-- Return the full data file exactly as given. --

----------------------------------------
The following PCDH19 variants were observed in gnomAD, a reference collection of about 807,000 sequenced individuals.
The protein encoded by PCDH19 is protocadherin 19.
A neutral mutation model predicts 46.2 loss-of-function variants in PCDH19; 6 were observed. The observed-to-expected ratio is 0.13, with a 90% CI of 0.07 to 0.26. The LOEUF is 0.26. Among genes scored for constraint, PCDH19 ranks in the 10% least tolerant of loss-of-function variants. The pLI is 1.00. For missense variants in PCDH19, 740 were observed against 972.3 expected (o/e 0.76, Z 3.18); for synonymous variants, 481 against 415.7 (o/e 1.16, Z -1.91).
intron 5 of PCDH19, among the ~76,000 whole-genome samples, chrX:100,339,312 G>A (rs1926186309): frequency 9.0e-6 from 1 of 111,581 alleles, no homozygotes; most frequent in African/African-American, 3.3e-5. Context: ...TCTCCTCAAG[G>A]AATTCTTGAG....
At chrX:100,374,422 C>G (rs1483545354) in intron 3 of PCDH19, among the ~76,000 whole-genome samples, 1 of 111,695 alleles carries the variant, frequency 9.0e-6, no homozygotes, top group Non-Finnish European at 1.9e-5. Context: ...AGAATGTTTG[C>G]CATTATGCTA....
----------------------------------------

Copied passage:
The following PCDH19 variants were observed in gnomAD, a reference collection of about 807,000 sequenced individuals.
The protein encoded by PCDH19 is protocadherin 19.
A neutral mutation model predicts 46.2 loss-of-function variants in PCDH19; 6 were observed. The observed-to-expected ratio is 0.13, with a 90% CI of 0.07 to 0.26. The LOEUF is 0.26. Among genes scored for constraint, PCDH19 ranks in the 10% least tolerant of loss-of-function variants. The pLI is 1.00. For missense variants in PCDH19, 740 were observed against 972.3 expected (o/e 0.76, Z 3.18); for synonymous variants, 481 against 415.7 (o/e 1.16, Z -1.91).
intron 5 of PCDH19, among the ~76,000 whole-genome samples, chrX:100,339,312 G>A (rs1926186309): frequency 9.0e-6 from 1 of 111,581 alleles, no homozygotes; most frequent in African/African-American, 3.3e-5. Context: ...TCTCCTCAAG[G>A]AATTCTTGAG....
At chrX:100,374,422 C>G (rs1483545354) in intron 3 of PCDH19, among the ~76,000 whole-genome samples, 1 of 111,695 alleles carries the variant, frequency 9.0e-6, no homozygotes, top group Non-Finnish European at 1.9e-5. Context: ...AGAATGTTTG[C>G]CATTATGCTA....